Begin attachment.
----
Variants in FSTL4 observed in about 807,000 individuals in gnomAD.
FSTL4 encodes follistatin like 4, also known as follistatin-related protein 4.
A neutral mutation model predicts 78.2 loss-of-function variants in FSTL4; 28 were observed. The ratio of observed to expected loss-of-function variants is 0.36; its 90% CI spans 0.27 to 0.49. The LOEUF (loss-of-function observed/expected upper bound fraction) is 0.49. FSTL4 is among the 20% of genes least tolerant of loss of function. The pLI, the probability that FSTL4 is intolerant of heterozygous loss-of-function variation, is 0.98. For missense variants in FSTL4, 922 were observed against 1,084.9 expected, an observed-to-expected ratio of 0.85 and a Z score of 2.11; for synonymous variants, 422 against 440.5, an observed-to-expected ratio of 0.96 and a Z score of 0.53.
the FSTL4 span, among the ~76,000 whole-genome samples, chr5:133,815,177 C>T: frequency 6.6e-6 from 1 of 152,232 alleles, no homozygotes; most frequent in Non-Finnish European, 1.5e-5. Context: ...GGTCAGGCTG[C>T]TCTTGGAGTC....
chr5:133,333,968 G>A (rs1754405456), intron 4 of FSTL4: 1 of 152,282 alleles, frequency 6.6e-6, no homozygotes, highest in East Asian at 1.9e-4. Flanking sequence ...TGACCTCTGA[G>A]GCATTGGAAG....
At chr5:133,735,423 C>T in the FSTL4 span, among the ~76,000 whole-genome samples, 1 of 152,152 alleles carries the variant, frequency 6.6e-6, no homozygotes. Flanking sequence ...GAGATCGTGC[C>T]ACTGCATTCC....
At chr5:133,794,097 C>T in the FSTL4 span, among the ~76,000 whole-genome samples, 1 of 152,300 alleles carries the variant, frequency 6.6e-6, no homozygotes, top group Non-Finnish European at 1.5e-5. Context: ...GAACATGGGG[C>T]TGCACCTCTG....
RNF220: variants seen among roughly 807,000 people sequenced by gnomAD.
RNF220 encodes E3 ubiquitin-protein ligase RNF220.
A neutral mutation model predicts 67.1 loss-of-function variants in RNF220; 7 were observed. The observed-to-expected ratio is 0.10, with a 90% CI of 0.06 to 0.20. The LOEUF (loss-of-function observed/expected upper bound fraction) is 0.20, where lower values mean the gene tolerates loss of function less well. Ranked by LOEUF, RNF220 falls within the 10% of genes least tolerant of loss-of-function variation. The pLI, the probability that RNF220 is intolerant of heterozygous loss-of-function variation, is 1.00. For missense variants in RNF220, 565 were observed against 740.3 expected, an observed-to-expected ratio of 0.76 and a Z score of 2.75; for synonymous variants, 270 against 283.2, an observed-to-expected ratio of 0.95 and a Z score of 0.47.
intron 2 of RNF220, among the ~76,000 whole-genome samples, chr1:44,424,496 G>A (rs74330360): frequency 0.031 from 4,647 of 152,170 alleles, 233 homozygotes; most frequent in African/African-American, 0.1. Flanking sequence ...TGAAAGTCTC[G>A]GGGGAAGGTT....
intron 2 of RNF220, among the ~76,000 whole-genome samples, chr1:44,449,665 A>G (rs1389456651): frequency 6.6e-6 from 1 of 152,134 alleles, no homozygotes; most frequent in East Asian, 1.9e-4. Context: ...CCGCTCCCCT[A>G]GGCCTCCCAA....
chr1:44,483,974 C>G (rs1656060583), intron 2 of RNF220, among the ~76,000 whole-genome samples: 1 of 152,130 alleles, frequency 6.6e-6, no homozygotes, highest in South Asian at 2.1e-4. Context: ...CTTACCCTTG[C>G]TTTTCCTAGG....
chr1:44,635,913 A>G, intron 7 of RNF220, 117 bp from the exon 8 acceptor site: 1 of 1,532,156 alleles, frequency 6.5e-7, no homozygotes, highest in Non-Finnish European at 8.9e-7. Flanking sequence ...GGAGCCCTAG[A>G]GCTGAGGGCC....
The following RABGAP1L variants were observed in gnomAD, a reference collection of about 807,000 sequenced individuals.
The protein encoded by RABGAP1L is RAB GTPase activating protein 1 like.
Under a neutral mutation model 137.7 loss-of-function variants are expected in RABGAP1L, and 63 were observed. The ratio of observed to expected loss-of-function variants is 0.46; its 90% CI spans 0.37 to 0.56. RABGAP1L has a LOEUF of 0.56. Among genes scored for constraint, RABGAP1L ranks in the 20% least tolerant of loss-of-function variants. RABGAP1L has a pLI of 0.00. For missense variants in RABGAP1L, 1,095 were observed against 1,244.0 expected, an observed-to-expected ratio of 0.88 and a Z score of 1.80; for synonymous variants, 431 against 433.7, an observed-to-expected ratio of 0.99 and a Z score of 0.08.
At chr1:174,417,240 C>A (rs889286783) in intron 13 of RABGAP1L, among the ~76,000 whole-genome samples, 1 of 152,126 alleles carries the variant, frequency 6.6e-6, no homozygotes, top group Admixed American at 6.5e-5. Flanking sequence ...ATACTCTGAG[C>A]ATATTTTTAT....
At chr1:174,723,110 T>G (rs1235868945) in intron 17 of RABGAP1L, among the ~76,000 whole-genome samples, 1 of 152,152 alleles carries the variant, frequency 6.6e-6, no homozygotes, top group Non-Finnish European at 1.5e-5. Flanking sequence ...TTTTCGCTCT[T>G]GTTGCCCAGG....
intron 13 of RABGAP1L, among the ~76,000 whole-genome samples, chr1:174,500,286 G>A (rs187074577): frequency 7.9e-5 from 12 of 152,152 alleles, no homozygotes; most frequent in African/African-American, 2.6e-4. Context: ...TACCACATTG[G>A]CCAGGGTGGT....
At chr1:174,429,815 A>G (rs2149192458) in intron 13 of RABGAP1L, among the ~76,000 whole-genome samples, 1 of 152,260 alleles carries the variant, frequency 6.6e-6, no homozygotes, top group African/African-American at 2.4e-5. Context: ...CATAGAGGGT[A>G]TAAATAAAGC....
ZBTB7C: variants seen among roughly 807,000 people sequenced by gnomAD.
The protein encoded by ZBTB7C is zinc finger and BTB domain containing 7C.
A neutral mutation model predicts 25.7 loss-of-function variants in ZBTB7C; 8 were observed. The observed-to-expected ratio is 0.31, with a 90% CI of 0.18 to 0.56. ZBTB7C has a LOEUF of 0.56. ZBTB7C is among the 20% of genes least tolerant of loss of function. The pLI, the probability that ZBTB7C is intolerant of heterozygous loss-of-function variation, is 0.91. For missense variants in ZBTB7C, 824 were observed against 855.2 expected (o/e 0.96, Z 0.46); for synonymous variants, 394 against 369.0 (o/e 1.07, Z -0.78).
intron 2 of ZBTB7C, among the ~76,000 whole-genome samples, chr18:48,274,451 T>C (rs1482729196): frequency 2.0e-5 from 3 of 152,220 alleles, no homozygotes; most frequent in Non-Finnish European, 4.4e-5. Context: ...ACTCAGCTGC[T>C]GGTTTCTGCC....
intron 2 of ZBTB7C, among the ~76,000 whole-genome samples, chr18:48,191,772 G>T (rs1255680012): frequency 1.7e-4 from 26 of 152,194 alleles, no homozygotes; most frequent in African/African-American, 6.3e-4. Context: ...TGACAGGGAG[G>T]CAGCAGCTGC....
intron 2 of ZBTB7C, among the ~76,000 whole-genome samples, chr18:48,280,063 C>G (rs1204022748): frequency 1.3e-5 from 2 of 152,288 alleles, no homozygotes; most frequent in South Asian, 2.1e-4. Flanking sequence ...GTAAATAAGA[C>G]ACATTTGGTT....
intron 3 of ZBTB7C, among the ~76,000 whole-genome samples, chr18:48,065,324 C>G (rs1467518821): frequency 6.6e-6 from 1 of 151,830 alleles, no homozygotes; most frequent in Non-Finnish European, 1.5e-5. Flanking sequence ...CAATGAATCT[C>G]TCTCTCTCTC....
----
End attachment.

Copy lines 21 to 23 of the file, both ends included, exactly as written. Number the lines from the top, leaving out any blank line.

At chr1:174,429,815 A>G (rs2149192458) in intron 13 of RABGAP1L, among the ~76,000 whole-genome samples, 1 of 152,260 alleles carries the variant, frequency 6.6e-6, no homozygotes, top group African/African-American at 2.4e-5. Context: ...CATAGAGGGT[A>G]TAAATAAAGC....
ZBTB7C: variants seen among roughly 807,000 people sequenced by gnomAD.
The protein encoded by ZBTB7C is zinc finger and BTB domain containing 7C.